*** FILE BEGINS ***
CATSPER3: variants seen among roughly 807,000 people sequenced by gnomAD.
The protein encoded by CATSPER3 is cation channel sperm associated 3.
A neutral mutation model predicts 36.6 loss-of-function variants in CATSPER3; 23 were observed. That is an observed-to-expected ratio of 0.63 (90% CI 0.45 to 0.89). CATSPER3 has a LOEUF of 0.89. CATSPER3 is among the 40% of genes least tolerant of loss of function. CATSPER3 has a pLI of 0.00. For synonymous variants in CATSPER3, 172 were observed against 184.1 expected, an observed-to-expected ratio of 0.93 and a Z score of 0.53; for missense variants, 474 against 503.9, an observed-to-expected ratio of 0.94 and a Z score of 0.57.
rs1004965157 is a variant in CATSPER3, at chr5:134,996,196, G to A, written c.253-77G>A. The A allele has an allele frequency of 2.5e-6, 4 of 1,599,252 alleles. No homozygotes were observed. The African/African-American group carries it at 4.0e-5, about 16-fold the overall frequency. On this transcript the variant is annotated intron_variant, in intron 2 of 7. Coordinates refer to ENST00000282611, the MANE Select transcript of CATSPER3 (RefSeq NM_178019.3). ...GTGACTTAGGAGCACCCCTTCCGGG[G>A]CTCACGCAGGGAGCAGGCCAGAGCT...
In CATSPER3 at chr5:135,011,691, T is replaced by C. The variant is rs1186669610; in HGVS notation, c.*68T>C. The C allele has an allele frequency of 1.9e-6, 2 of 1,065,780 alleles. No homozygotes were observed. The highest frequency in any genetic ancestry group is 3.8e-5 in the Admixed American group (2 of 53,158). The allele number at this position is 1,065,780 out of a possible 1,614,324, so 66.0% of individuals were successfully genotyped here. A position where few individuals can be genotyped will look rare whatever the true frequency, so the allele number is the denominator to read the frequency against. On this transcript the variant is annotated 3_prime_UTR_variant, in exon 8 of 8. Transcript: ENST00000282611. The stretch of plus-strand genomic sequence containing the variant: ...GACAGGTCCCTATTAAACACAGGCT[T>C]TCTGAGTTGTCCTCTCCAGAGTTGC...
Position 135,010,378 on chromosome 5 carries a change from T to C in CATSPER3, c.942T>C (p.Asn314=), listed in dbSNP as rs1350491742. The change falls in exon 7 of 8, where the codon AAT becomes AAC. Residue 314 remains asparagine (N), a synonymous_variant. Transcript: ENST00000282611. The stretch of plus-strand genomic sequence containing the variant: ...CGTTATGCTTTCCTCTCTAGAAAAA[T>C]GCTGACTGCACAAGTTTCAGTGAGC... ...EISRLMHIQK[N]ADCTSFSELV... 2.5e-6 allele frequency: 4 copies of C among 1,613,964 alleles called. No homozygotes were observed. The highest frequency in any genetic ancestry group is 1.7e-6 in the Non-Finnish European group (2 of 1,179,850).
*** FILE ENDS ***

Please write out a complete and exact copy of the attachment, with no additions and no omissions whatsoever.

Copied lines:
CATSPER3: variants seen among roughly 807,000 people sequenced by gnomAD.
The protein encoded by CATSPER3 is cation channel sperm associated 3.
A neutral mutation model predicts 36.6 loss-of-function variants in CATSPER3; 23 were observed. That is an observed-to-expected ratio of 0.63 (90% CI 0.45 to 0.89). CATSPER3 has a LOEUF of 0.89. CATSPER3 is among the 40% of genes least tolerant of loss of function. CATSPER3 has a pLI of 0.00. For synonymous variants in CATSPER3, 172 were observed against 184.1 expected, an observed-to-expected ratio of 0.93 and a Z score of 0.53; for missense variants, 474 against 503.9, an observed-to-expected ratio of 0.94 and a Z score of 0.57.
rs1004965157 is a variant in CATSPER3, at chr5:134,996,196, G to A, written c.253-77G>A. The A allele has an allele frequency of 2.5e-6, 4 of 1,599,252 alleles. No homozygotes were observed. The African/African-American group carries it at 4.0e-5, about 16-fold the overall frequency. On this transcript the variant is annotated intron_variant, in intron 2 of 7. Coordinates refer to ENST00000282611, the MANE Select transcript of CATSPER3 (RefSeq NM_178019.3). ...GTGACTTAGGAGCACCCCTTCCGGG[G>A]CTCACGCAGGGAGCAGGCCAGAGCT...
In CATSPER3 at chr5:135,011,691, T is replaced by C. The variant is rs1186669610; in HGVS notation, c.*68T>C. The C allele has an allele frequency of 1.9e-6, 2 of 1,065,780 alleles. No homozygotes were observed. The highest frequency in any genetic ancestry group is 3.8e-5 in the Admixed American group (2 of 53,158). The allele number at this position is 1,065,780 out of a possible 1,614,324, so 66.0% of individuals were successfully genotyped here. A position where few individuals can be genotyped will look rare whatever the true frequency, so the allele number is the denominator to read the frequency against. On this transcript the variant is annotated 3_prime_UTR_variant, in exon 8 of 8. Transcript: ENST00000282611. The stretch of plus-strand genomic sequence containing the variant: ...GACAGGTCCCTATTAAACACAGGCT[T>C]TCTGAGTTGTCCTCTCCAGAGTTGC...
Position 135,010,378 on chromosome 5 carries a change from T to C in CATSPER3, c.942T>C (p.Asn314=), listed in dbSNP as rs1350491742. The change falls in exon 7 of 8, where the codon AAT becomes AAC. Residue 314 remains asparagine (N), a synonymous_variant. Transcript: ENST00000282611. The stretch of plus-strand genomic sequence containing the variant: ...CGTTATGCTTTCCTCTCTAGAAAAA[T>C]GCTGACTGCACAAGTTTCAGTGAGC... ...EISRLMHIQK[N]ADCTSFSELV... 2.5e-6 allele frequency: 4 copies of C among 1,613,964 alleles called. No homozygotes were observed. The highest frequency in any genetic ancestry group is 1.7e-6 in the Non-Finnish European group (2 of 1,179,850).